Laboratory Mini-brains Help Understanding Idiopatic Autism

graphical abstract-6Based on studies on lab-grown cerebral organoids, autism could be linked to an excess of inhibitory neurons. Brain models derived from the skin cells of autism spectrum disorder (ASD) patients allowed to study molecular changes during brain development. An upregulation of transcription factor FOXG1 and the concomitant overproduction of GABAergic neurons could contribute to ASD. The finding from the Vaccarino lab at Yale School of Medicine has been published in Cell.

The ASD defines a series of neurodevelopmental afflictions characterized by deficits in social interaction, repetitive behavior and restricted interests. Approximately 85% of autism is idiopathic, that is, of unknown and seemingly spontaneous origin. Vaccarino realized that induced pluripotent stem cells (iPSCs) could help understand what happened during brain development. Vaccarino´s team collected skin cells from four ASD patients -and from their fathers as a control-, reverted them to a pluripotent state and then differenciated them into cell aggregates that developed into embryonic mini-brains.

ASD patients derived organoids have an excess of inhibitory neurons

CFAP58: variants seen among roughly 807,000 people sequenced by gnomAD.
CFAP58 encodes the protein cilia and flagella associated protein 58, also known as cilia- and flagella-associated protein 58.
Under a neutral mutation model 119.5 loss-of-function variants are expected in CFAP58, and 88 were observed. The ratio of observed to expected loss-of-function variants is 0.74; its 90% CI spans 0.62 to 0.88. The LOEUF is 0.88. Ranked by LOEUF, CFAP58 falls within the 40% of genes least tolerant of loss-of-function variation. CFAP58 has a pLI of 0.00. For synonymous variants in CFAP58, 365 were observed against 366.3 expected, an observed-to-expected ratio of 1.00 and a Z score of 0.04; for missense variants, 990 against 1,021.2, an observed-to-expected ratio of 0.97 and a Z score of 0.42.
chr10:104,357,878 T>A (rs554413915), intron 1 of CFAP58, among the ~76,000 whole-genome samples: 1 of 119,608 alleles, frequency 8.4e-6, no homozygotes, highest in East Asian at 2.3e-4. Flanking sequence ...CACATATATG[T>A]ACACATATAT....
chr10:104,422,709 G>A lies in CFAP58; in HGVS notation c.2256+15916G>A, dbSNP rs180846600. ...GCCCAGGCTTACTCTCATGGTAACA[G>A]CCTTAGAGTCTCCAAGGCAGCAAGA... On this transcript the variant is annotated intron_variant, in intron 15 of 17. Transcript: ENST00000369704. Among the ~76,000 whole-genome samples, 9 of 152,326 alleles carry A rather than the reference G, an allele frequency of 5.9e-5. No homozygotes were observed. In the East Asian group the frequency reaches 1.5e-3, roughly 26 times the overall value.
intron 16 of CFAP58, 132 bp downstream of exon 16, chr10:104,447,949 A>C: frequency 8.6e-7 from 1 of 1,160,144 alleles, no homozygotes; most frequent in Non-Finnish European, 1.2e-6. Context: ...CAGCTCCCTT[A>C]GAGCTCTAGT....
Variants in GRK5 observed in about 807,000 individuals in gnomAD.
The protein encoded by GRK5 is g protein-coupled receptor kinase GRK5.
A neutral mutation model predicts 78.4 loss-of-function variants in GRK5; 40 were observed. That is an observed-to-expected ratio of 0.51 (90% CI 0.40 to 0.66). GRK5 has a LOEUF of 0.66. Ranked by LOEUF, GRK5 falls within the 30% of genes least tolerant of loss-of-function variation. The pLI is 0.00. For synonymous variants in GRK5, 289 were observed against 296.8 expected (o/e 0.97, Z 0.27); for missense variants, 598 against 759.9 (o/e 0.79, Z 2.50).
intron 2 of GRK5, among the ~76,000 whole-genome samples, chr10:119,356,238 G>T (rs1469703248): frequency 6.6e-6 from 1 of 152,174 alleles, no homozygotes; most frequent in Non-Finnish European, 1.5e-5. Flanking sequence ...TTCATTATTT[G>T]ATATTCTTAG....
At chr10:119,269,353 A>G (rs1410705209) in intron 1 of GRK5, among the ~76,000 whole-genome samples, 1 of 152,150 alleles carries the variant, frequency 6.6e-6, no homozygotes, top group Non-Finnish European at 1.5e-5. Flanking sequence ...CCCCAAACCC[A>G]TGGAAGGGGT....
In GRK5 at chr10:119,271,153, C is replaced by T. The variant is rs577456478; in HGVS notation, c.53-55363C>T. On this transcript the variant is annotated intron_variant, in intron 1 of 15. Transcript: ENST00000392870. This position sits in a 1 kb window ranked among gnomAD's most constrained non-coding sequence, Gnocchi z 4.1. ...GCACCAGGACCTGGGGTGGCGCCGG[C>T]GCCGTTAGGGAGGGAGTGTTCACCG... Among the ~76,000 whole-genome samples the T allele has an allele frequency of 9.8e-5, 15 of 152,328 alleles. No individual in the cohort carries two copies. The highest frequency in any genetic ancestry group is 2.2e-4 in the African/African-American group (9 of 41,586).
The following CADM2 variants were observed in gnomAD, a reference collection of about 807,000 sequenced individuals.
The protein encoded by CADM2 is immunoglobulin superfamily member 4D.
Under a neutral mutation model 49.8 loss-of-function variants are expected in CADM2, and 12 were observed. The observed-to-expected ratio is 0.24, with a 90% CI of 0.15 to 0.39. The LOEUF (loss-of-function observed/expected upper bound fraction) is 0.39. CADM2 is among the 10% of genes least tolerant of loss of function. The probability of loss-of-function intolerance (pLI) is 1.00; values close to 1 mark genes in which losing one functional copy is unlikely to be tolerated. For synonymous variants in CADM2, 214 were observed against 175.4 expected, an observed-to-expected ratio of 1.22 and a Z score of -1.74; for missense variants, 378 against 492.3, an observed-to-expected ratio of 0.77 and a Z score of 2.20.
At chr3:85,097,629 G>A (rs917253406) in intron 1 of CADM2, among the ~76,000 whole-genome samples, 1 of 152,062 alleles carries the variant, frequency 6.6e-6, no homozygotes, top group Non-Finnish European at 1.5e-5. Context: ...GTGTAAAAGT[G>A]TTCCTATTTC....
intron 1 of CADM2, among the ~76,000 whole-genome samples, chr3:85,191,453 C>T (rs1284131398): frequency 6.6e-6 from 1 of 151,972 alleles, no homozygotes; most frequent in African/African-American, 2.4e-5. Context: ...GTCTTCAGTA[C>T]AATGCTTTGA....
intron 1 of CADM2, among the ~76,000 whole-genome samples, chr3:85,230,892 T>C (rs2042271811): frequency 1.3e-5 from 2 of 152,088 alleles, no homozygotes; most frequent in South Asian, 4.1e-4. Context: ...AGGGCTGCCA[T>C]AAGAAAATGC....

The researchers performed RNA sequencing to find out any differences in gene expression between patients and controls. They found that ASD patients’ genes involved in cell proliferation, neuronal differentiation, and synaptic assembly were overexpressed. The upregulation, however, only affected GABAergic neurons; γ-Aminobutyric acid (GABA) is the main inhibitory neurotransmitter in mammals. Checking again the gene expression data, the team discovered that the transcription factor FOXG1 was consistently upregulated in all patients. The mechanism that would link both events is yet unclear, but it seems that an excess of inhibitory neurons affects connection patterns.

Cerebral organoids can help in discovering common traits between patients of other idiopatic illnesses like Parkinson, amyotrophic lateral sclerosis (ALS) or Alzheimer.



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